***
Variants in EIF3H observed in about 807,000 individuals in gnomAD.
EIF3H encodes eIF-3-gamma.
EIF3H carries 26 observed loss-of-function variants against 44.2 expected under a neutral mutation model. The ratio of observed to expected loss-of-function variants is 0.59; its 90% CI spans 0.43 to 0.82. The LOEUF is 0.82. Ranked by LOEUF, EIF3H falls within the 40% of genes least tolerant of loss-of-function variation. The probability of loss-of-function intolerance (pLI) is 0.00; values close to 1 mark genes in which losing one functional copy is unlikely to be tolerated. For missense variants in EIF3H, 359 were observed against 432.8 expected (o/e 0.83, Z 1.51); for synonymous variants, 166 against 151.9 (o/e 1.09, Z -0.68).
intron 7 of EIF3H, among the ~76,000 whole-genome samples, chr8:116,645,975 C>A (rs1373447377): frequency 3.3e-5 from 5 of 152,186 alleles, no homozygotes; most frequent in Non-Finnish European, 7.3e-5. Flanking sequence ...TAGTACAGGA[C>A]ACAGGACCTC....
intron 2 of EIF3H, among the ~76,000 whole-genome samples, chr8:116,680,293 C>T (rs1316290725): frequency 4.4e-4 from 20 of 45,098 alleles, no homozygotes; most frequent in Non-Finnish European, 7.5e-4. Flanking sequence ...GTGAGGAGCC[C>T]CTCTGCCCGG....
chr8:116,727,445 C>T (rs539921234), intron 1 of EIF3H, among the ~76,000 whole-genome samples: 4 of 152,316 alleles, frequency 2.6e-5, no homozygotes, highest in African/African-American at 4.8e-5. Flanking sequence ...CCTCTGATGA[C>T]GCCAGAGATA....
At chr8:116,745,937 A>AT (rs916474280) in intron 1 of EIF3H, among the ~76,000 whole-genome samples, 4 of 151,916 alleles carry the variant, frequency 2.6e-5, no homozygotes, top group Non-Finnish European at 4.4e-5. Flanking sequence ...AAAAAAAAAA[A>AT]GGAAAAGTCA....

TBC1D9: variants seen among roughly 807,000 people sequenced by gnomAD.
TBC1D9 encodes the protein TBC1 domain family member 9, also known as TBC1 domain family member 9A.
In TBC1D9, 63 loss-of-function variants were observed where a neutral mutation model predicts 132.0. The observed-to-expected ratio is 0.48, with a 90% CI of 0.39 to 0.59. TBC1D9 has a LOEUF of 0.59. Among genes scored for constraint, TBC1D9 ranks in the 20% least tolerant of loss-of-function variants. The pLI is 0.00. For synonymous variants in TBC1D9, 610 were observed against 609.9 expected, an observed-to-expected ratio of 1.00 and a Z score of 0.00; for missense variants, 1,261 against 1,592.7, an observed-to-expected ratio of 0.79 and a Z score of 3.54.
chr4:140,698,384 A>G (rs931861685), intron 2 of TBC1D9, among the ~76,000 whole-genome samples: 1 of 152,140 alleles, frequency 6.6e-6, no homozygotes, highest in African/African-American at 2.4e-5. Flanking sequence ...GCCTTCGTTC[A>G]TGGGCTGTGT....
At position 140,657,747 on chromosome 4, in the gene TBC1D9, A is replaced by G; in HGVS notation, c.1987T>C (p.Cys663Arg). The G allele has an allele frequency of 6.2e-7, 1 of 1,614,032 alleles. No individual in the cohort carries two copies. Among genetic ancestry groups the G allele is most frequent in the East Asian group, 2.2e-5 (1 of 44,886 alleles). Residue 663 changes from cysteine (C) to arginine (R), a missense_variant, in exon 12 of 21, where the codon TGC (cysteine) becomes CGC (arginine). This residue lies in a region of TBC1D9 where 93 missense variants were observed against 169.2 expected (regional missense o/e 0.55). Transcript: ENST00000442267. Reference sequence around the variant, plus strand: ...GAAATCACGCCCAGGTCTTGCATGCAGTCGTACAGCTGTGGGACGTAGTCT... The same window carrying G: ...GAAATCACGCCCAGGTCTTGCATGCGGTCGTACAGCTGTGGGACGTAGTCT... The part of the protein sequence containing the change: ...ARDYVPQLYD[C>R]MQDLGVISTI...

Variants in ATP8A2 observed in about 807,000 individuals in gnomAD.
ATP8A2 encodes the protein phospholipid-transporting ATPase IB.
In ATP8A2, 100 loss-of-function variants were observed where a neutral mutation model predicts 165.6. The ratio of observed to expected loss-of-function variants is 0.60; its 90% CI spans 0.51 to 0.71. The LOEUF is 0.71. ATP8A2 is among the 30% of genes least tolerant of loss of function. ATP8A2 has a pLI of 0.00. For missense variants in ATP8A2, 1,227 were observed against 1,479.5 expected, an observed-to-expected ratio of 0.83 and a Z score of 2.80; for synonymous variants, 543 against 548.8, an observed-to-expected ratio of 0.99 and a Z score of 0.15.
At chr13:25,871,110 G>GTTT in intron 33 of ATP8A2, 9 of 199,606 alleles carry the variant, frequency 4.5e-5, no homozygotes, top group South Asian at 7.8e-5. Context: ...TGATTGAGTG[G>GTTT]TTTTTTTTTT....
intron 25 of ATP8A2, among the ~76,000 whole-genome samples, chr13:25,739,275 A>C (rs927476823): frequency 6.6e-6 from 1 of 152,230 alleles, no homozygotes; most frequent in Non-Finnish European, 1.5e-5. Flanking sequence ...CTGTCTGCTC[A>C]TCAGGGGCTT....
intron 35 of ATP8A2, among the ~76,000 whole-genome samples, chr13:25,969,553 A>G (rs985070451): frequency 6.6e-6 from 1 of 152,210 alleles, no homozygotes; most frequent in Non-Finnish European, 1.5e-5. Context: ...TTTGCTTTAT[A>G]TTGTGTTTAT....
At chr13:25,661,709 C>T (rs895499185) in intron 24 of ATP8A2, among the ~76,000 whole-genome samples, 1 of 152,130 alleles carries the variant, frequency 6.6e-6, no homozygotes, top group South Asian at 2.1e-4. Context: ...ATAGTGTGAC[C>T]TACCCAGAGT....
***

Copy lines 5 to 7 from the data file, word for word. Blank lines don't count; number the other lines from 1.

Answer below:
intron 2 of EIF3H, among the ~76,000 whole-genome samples, chr8:116,680,293 C>T (rs1316290725): frequency 4.4e-4 from 20 of 45,098 alleles, no homozygotes; most frequent in Non-Finnish European, 7.5e-4. Flanking sequence ...GTGAGGAGCC[C>T]CTCTGCCCGG....
chr8:116,727,445 C>T (rs539921234), intron 1 of EIF3H, among the ~76,000 whole-genome samples: 4 of 152,316 alleles, frequency 2.6e-5, no homozygotes, highest in African/African-American at 4.8e-5. Flanking sequence ...CCTCTGATGA[C>T]GCCAGAGATA....
At chr8:116,745,937 A>AT (rs916474280) in intron 1 of EIF3H, among the ~76,000 whole-genome samples, 4 of 151,916 alleles carry the variant, frequency 2.6e-5, no homozygotes, top group Non-Finnish European at 4.4e-5. Flanking sequence ...AAAAAAAAAA[A>AT]GGAAAAGTCA....